The benefits of positive thinking in later life have been reinforced by a new study - especially when it comes to memory.
Blaming every forgetful moment on getting older can actually worsen memory difficulties, says the new report, which is published in the Journal of Psychological Science.
Known as the 'stereotype threat', it means someone challenged with negative comments about their group can self-handicap and under-perform - unwittingly fulfilling the stereotype.
Researcher Sarah Barber, of the University of Southern California, said that this stereotype threat can instead be turned on its head - and used to an advantage.
Combating the stereotype
Two tests were carried out on people from the ages of 59 to 79 as part of a memory experiment.
Some adults were first asked to read fake news articles about research confirming memory loss in older people, while others read fake articles about memory preservation and improvement in later life.
For both groups, half of them earned a financial reward for each word they remembered; the other half lost money for every word they forgot.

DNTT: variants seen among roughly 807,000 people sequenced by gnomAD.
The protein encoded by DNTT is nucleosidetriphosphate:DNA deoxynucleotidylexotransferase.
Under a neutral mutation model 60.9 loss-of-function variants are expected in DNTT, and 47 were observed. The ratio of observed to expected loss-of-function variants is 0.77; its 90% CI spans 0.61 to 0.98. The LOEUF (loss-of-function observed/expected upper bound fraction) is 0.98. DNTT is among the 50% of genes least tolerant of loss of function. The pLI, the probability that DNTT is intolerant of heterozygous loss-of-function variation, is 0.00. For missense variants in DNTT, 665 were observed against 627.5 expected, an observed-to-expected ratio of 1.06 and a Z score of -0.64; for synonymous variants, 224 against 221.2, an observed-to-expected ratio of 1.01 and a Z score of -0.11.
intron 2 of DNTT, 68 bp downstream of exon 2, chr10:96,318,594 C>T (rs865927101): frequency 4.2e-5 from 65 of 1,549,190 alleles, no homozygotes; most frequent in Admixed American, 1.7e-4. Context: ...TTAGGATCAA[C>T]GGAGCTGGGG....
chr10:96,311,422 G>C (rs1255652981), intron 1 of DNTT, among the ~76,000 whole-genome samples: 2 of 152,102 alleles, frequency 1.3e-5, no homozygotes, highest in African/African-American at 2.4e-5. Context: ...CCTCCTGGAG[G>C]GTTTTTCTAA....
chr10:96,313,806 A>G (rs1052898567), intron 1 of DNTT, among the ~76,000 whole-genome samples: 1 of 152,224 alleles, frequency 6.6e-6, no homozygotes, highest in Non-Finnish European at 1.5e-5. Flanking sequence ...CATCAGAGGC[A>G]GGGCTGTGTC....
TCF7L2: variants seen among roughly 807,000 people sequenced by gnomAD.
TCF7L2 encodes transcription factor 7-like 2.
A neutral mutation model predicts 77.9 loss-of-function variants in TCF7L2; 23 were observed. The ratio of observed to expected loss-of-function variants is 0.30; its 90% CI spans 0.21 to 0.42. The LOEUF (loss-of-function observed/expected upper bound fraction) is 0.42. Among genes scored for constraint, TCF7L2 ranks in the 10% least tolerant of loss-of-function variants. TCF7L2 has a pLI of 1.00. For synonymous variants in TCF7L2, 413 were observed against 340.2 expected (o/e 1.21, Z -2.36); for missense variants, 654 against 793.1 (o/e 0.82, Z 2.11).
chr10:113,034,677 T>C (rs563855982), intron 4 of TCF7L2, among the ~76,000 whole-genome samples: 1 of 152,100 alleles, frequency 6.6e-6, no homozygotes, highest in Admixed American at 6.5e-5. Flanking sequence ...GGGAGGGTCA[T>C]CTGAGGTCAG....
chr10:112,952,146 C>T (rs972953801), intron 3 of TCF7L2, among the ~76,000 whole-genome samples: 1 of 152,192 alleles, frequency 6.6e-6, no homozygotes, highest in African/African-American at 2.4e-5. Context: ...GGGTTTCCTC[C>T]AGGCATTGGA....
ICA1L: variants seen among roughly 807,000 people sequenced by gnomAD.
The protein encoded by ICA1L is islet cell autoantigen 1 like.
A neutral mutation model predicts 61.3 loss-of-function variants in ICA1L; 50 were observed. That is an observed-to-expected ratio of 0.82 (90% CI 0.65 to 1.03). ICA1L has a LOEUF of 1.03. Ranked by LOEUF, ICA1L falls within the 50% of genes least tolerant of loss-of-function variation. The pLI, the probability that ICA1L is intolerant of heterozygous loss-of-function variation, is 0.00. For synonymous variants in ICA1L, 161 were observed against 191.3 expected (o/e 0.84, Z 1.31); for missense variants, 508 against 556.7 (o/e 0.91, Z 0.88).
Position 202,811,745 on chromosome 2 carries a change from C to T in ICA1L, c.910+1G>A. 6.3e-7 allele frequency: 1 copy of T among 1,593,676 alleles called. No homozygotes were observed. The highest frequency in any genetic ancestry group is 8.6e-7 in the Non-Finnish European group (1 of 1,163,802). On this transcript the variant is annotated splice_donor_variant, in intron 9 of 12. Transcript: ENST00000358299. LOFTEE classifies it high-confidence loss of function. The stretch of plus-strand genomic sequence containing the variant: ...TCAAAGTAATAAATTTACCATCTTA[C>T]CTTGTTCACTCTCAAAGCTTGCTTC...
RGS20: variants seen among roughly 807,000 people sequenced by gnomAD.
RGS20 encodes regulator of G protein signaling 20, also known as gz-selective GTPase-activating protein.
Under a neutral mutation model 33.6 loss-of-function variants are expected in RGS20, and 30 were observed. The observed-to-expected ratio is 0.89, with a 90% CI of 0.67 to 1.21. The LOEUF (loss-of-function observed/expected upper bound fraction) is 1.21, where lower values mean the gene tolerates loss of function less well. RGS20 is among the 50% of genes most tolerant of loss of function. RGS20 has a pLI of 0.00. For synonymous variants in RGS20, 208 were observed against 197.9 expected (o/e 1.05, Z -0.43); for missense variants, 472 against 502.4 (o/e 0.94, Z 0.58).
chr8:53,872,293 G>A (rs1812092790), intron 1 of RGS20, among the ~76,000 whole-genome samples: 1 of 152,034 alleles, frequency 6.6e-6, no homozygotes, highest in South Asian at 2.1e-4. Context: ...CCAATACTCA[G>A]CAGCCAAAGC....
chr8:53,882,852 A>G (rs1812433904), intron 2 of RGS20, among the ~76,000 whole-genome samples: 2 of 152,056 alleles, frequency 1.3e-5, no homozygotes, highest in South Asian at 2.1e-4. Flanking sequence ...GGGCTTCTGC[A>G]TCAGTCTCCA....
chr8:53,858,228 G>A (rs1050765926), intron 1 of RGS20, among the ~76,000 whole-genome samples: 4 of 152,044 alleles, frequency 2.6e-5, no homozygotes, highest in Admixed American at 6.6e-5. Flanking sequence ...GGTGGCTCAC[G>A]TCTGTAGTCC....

For people who had something to gain, being confronted with age stereotypes meant a worse performance on memory tests.
They scored around a fifth worse than adults who were not exposed to the stereotype.
But when the test was couched in terms of stopping losses due to forgetting, the results overturned: participants reminded of the stereotypes about ageing and memory loss scored better than those who were under no stereotype preconception.
'Assuming we're forgetful because of our age can make our memory worse'
Ms Barber said that stereotype threat is thought to be a bad thing, and it is well known that it can impair the memory performance of older adults.
But she added: 'Our experiments demonstrate that stereotype threat can actually enhance older adults' memory if the task involves avoiding losses.'
She said that by concentrating on not making mistakes, older adults could enhance their memory.
So while it is true that cognitive processes decline as we get older, reinforcing the idea that we are forgetful because of our age can make the problem worse (unless we are rewarded for avoiding memory loss, in which case it improves our performance).
Copyright Press Association 2013